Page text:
Palia Preview - Just Shy of Greatness

Published: August 12, 2023 11:14 AM /

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Palia Preview - Cover Image Standing in Kilima Village While Delaila Walks Down the Stairs

The juggernauts of the cozy gaming space have a new competitor: Palia, an MMO "community sim" that has just launched into open beta. Our Palia Preview will explore how Singularity 6's inaugural game stacks up to the competition after one week of playing the Closed Beta!

By now, I've spent a little over a week playing Palia every day. I've progressed much further than when I wrote my first impressions. I still fundamentally believe that Palia does a lot of things right, but a number of problems have made themselves clear as I got further along in the game.

Palia Preview - Tailor Shop Devoid of Any Non-Premium Cosmetics
There's a Tailor Shop and a Tailor NPC, but there's no way to acquire new clothes yet. All this place does is serve as a physical access point for the premium cosmetics shop.

The Cosmetics Conundrum

Palia styles itself as a free-to-play MMO; naturally, Singularity 6 needs a way to make money if they're letting anyone play the game for free. The way they've chosen to do that is by selling premium cosmetic clothing.

Paid cosmetic items are not a problem in and of themselves; I would argue that it's good game design when it comes to a free-to-play game. Palia has no way to spend money and speed things up or get an advantage over someone else, and that's fantastic.

What is a problem, though, is the emergence of the dreaded premium currency -- and with all of the annoying trappings that come with it. You can spend real-world money to get Palia Coins, and then those Palia Coins are used to purchase cosmetic outfits for your character. You inevitably will have some Palia Coins left over after a purchase.

This is somewhat annoying, but it's particularly bad in light of the fact that there is not yet a way to earn or craft any new clothes in the game; the Tailor in Kilima Village is simply a physical front for the cash shop.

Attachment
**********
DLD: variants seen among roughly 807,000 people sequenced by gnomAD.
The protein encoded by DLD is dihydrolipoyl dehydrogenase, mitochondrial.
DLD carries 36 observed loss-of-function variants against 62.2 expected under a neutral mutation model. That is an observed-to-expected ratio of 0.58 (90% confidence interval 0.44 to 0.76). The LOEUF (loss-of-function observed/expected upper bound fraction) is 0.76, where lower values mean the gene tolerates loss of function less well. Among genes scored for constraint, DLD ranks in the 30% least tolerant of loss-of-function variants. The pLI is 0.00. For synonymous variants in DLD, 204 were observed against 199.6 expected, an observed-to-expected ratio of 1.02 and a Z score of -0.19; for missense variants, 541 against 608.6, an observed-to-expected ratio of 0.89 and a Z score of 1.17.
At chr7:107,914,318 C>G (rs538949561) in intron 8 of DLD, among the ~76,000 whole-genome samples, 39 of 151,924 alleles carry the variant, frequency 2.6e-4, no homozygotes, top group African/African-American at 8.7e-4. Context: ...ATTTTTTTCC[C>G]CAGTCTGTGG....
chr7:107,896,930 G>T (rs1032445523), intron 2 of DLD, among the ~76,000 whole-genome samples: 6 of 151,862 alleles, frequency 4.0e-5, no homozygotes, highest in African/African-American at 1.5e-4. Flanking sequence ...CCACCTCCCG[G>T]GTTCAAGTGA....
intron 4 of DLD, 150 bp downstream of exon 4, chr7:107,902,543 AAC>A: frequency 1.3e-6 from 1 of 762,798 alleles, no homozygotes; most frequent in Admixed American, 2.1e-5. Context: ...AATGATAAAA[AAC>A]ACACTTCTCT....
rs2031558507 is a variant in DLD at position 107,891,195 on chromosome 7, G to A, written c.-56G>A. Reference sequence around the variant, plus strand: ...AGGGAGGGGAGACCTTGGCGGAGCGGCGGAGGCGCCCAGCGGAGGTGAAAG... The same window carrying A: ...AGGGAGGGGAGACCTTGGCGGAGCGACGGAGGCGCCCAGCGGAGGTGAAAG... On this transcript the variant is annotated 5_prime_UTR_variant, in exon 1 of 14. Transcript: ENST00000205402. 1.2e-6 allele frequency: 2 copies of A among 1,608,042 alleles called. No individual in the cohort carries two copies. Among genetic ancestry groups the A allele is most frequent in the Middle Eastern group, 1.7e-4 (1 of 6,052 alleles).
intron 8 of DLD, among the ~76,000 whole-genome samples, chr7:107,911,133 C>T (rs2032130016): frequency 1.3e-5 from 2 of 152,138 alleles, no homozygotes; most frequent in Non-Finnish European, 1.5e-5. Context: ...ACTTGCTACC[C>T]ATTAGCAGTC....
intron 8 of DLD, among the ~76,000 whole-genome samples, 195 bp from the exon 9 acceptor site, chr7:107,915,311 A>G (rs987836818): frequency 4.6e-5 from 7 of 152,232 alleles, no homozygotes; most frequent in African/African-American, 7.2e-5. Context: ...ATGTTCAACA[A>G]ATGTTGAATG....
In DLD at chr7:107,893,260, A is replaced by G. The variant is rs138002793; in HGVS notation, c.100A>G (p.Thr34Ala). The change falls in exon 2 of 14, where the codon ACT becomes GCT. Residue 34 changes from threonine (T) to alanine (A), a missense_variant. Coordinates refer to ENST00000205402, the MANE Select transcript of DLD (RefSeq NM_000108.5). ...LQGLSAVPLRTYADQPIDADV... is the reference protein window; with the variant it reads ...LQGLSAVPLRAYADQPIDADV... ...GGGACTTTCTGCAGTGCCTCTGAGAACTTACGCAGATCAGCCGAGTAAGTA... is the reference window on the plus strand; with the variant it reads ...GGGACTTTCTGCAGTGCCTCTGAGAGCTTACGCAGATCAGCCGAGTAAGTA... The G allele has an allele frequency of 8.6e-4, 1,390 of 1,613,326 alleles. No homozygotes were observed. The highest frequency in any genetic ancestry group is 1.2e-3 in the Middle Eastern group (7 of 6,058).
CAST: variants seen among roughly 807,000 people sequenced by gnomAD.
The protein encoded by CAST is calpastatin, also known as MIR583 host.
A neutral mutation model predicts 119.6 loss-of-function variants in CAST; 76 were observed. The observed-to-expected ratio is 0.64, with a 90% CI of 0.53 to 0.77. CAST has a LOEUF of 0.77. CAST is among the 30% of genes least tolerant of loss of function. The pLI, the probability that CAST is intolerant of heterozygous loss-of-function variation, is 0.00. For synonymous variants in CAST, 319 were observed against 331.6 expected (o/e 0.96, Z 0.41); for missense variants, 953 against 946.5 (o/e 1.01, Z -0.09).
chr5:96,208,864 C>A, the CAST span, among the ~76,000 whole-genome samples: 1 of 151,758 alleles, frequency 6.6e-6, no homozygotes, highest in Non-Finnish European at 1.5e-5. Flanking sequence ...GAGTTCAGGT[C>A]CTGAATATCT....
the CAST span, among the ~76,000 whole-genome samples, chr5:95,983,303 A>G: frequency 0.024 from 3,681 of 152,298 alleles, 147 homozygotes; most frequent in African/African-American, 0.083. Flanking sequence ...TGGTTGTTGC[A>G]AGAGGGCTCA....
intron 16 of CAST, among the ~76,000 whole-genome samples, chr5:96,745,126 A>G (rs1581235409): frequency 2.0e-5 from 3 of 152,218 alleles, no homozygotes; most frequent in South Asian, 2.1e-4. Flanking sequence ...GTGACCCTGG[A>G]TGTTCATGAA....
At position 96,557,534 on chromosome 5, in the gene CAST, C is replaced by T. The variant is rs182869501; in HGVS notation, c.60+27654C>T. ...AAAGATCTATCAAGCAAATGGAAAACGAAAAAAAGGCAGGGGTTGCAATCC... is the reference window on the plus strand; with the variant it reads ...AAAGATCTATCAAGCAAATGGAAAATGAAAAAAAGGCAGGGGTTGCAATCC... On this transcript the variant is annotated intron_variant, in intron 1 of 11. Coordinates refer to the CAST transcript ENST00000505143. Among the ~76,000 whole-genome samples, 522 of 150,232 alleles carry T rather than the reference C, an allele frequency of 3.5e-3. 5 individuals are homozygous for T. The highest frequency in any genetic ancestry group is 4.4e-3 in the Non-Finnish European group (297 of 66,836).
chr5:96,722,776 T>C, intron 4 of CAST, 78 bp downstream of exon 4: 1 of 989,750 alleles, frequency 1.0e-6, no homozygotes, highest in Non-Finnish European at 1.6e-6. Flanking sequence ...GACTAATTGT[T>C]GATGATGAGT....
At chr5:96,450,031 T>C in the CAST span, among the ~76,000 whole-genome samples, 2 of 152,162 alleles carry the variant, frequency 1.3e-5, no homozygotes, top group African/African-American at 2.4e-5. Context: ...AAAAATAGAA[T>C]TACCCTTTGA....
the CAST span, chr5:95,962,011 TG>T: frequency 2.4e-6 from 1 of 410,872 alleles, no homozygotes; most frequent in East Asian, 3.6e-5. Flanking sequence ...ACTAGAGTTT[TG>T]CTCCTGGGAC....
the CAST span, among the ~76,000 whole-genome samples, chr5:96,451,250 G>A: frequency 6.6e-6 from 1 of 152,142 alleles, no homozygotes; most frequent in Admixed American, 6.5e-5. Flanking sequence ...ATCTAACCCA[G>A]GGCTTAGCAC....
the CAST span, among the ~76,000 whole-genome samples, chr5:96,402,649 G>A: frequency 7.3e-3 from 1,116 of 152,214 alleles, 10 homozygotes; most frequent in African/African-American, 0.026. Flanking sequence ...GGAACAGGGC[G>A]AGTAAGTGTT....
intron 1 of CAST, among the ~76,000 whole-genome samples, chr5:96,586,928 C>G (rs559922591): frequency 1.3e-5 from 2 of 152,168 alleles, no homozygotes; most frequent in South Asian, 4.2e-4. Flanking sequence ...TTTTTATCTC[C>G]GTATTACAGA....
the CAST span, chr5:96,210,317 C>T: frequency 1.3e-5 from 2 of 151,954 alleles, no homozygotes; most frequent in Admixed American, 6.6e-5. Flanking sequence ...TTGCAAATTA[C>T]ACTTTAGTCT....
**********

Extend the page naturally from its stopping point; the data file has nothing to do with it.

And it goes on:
Everything you can choose from in the character creator can be accessed again from any Wardrobe in-game, and that's the limit of your choices if you don't want to spend money. There's no option to craft any new clothes; at least, not yet.

Palia Preview - Hunting a Chapaa in Multiplayer
Two of us are aiming at that red fox-like creature called a Chapaa, but only one of us is going to get any loot.

Questionable Multiplayer Design

I think Palia could have done well as a single-player game with online multiplayer, but Singularity 6 opted to make it a live service experience. Given that choice, it's particularly baffling how inconsistent their multiplayer systems are.

Take mining, for example. If I hit an ore node just once with my pickaxe, I'm entitled to the full loot of it when it breaks. That means that players in a party -- or indeed, any random person strolling along -- can each hit the same ore node and everyone will get loot out of it.

When you switch zones, you switch servers. You would think that your party members would automatically follow you, but they don't.

When you switch over to hunting, though, it's much more difficult. The Chapaa animal, for example, will die to a single hit of the weakest arrow. The same system applies: whoever gets a hit in will get loot, and everyone else -- even if they're in your party -- gets nothing if they don't hit the thing.

Most of the resource gathering works fine in multiplayer, but the way they've implemented multiplayer hunting definitely needs to be reevaluated. It makes cooperative gameplay a hindrance rather than a boon.

These problems aside, there's another area that's an issue. When you switch zones, you switch servers. You would think that your party members would automatically follow you, but they don't.

Instead, the friends in your party will often get deposited into any old server for that zone, and they may or may not actually end up with you. This odd hiccup in the game's flow makes for a poorer multiplayer experience.